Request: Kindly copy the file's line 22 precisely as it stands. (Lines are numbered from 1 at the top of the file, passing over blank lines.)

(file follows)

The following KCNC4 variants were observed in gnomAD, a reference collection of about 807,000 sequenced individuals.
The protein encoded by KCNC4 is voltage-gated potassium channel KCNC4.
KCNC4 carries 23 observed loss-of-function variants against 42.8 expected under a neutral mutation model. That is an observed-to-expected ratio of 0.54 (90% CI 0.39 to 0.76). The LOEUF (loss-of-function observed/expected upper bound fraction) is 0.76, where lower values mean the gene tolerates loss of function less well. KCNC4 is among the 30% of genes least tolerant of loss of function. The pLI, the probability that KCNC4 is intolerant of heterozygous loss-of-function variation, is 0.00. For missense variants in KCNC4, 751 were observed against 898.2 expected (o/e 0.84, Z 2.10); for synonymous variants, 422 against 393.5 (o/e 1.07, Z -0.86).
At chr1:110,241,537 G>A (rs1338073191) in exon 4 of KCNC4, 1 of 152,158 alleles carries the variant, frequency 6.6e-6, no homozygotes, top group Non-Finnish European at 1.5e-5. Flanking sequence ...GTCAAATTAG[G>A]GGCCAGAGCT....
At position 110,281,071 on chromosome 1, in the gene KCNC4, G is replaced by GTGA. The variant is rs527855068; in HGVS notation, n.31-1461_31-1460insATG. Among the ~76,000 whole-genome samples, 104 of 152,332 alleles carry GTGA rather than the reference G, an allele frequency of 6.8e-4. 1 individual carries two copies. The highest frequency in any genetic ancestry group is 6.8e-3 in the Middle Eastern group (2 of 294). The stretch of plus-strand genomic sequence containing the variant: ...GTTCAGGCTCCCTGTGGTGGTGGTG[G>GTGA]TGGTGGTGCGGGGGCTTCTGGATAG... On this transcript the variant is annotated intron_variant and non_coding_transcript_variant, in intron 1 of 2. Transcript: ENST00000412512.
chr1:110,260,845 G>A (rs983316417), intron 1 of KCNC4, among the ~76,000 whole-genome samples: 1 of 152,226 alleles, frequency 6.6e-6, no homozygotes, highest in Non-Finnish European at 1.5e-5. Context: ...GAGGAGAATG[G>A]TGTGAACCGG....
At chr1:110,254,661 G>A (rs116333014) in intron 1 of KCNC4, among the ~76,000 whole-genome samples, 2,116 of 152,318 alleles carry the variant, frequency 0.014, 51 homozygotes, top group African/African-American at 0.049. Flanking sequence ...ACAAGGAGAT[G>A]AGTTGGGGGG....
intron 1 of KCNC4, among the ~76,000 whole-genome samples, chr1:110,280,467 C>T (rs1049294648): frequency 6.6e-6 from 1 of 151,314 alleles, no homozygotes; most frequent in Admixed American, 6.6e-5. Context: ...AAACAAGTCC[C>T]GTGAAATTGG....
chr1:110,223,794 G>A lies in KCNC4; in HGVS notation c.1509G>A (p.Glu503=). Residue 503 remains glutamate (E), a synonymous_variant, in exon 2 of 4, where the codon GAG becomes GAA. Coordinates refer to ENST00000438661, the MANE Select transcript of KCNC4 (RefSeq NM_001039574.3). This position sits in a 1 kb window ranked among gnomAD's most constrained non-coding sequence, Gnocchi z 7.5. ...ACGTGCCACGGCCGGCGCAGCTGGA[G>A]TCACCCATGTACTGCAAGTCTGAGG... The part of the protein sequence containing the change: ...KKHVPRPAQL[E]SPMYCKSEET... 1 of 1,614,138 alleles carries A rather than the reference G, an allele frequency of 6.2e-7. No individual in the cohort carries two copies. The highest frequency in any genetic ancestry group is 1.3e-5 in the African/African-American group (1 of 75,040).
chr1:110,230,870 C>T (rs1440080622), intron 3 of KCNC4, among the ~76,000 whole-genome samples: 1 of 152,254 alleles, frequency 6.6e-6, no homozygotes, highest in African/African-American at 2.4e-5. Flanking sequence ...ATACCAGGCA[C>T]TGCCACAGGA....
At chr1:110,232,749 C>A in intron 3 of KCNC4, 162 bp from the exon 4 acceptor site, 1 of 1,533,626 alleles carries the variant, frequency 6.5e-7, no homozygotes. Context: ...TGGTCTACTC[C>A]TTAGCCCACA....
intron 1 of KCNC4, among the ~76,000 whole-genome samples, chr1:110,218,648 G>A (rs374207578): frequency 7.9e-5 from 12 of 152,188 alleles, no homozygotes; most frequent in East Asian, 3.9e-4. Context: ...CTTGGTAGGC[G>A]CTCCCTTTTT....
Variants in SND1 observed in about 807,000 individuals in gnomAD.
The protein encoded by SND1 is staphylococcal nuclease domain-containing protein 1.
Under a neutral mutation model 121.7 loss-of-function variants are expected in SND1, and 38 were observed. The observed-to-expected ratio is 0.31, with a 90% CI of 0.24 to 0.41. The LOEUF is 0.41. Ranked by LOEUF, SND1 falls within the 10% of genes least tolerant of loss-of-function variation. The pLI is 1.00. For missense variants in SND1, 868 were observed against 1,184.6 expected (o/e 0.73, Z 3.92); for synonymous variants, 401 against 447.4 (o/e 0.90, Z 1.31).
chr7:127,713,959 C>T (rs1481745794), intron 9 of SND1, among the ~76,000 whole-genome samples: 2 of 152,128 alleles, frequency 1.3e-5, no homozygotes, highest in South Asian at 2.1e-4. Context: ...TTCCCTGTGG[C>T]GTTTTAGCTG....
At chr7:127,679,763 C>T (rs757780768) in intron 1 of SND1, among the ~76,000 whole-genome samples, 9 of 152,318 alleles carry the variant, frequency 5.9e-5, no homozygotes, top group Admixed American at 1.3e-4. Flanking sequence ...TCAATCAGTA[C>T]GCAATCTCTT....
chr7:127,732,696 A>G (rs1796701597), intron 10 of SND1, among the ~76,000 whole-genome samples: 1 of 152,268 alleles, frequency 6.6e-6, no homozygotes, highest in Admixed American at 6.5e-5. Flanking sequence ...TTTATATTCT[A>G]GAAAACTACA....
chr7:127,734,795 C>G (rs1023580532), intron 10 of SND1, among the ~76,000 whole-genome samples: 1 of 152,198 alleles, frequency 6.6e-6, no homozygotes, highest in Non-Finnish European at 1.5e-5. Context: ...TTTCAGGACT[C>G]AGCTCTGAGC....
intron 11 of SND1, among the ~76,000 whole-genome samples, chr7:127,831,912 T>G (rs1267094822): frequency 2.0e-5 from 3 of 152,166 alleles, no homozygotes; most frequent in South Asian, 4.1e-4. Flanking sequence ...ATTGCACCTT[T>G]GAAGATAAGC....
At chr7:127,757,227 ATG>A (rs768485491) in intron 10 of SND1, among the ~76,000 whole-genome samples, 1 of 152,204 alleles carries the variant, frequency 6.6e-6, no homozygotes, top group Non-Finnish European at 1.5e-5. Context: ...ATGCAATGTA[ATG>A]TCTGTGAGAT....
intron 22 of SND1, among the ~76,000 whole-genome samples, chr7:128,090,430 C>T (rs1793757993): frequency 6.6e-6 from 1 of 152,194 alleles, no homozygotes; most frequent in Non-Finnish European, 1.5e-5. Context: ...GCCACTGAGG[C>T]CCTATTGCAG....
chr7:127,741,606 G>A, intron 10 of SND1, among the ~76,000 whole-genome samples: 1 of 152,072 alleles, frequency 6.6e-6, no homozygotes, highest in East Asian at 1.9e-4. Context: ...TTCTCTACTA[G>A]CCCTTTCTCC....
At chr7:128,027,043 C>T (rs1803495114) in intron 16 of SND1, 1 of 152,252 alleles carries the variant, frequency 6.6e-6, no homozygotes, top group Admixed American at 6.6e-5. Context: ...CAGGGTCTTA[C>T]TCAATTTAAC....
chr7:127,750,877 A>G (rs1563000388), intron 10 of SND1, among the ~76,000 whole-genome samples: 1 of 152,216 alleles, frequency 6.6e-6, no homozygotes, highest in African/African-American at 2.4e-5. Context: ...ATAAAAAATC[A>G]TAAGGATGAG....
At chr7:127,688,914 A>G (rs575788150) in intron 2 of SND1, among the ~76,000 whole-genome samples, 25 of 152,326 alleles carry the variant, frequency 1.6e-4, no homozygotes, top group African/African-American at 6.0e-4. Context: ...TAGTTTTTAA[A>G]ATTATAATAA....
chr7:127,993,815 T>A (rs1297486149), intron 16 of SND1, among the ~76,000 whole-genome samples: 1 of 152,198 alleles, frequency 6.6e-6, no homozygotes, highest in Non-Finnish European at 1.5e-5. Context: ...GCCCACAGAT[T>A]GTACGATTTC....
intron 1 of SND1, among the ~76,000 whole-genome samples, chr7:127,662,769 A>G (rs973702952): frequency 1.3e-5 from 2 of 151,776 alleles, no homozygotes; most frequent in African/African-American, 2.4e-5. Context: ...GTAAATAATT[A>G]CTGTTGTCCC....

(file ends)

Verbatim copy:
intron 22 of SND1, among the ~76,000 whole-genome samples, chr7:128,090,430 C>T (rs1793757993): frequency 6.6e-6 from 1 of 152,194 alleles, no homozygotes; most frequent in Non-Finnish European, 1.5e-5. Context: ...GCCACTGAGG[C>T]CCTATTGCAG....